It's A Dogs Life For Travelling Potcake Puppies
Thirty potcake puppies that took a ferry from Freeport to Port Everglades, Florida are being offered for adoption by the Broward Humane Society.
Already home to thousands of unwanted pets, Broward County received the special delivery from the Bahamas under an arrangement with the Grand Bahama Humane Society.
And they believe the potcakes will go like hot cakes, The Miami Herald reported.
One of the dogs was adopted before it even got off the boat. A crew member claimed it.
The furry vagabonds arrived at Port Everglades early Tuesday afternoon aboard an express ferry from Free-port.
Shipped Renee Slone, who manages Freeport's Grand Bahama Humane Society, made the two-hour journey in the ferry with the 30 puppies and one older dog being shipped to a family in Denver.
Shelter officials are confident they can quickly find the dogs homes because they are frisky young puppies, as opposed to the older dogs that normally wind up in shelters unclaimed.
"Puppies don't usually last a long time in our kennels," Chris Mitchell, clinic manager at the facility located west of Interstate 95 on Griffin Road, told the Herald. "People will take them."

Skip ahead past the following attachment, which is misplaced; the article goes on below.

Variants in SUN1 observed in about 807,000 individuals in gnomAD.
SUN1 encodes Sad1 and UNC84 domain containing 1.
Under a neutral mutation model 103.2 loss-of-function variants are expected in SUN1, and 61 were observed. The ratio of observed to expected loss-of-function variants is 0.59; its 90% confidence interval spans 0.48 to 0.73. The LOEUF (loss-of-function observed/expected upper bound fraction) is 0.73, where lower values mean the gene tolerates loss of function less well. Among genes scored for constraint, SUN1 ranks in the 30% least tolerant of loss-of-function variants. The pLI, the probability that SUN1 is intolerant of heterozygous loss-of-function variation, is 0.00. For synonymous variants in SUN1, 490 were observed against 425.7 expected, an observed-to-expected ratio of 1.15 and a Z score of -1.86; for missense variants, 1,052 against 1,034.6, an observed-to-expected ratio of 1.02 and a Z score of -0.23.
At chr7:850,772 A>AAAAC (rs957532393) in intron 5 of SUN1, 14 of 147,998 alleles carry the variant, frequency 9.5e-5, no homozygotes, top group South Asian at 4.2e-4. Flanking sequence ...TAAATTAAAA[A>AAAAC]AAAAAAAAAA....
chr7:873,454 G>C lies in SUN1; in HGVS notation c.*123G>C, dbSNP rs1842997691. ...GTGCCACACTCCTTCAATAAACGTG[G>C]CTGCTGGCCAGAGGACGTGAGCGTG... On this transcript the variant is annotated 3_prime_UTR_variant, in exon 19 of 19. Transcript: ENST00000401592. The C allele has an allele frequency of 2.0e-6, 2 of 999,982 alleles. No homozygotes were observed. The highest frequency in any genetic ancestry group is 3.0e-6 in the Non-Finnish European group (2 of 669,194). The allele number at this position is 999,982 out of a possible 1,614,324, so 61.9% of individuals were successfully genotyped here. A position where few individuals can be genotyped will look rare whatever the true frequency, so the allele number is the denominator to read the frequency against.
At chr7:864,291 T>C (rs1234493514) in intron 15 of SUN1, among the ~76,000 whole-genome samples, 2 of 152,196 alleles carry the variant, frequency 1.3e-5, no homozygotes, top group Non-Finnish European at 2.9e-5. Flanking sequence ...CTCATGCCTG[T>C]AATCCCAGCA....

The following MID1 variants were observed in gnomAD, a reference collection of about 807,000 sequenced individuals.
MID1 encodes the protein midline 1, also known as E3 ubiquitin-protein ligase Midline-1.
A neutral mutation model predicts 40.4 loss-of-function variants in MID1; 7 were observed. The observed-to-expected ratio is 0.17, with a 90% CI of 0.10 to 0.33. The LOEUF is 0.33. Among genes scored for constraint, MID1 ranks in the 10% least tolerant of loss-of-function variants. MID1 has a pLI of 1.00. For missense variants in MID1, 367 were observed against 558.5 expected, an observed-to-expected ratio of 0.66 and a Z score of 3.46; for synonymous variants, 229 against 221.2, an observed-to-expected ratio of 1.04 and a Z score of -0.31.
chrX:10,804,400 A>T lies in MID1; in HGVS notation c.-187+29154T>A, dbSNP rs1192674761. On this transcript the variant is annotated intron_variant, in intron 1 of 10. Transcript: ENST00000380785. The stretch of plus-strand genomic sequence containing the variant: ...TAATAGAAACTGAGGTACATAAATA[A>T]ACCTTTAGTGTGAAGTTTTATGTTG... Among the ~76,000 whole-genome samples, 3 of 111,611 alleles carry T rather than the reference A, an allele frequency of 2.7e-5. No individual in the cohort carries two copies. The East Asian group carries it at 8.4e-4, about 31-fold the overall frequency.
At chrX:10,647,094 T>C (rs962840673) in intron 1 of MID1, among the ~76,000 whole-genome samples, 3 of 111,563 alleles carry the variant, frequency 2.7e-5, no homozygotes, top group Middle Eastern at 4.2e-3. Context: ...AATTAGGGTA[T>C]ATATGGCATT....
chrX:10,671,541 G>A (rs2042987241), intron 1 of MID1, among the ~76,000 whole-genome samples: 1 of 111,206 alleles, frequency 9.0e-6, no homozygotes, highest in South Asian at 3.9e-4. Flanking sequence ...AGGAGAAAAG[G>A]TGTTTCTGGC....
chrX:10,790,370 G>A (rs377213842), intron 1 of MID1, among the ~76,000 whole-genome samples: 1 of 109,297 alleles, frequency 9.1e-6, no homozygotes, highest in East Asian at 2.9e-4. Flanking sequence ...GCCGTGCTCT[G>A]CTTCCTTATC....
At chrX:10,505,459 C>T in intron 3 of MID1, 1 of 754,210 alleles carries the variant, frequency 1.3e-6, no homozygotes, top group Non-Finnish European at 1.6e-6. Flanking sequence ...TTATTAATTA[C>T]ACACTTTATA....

The dogs were originally to be sent to a Tampa Humane Society shelter, but that facility could not take them after a law enforcement raid filled its kennels.
"Places like Broward have had a precipitous drop in puppies at their shelter," said Martha Armstrong, senior vice-president for Humane Society USA. "That community has done a good job of spaying and neutering." But dogs are still euthanised.
Overflowing In the 12-month period that ended October 1, 586 were put to sleep at the Humane Society of Broward County, which took in 2,869 dogs in that time. But the problem might be worse at the Freeport shelter, currently overflowing with 60 dogs and 30 cats.
Transportation for the dogs was donated by the owners of The Cat.
Within hours of their arrival, the puppies were given names like Bimini, Antigua and Aruba, according to the newspaper report.
They were fed, examined, dewormed, vaccinated and photographed so their pictures could be posted on the Humane Society's website.
And then they snuggled together in their familiar bunches.
The youngest, 6 weeks old, formed a furry pile in the middle of their kennel.
The older ones, around 12 weeks old, were a little more curious about their new surroundings, sniffing at visitors.
There are an estimated 11,000 stray dogs in the Bahamas, according to the latest statistics available.
Of the estiamted 73,000 owned dogs in the Bahamas, it is believed that more than 12,000 owners failed to confine 29,000 dogs.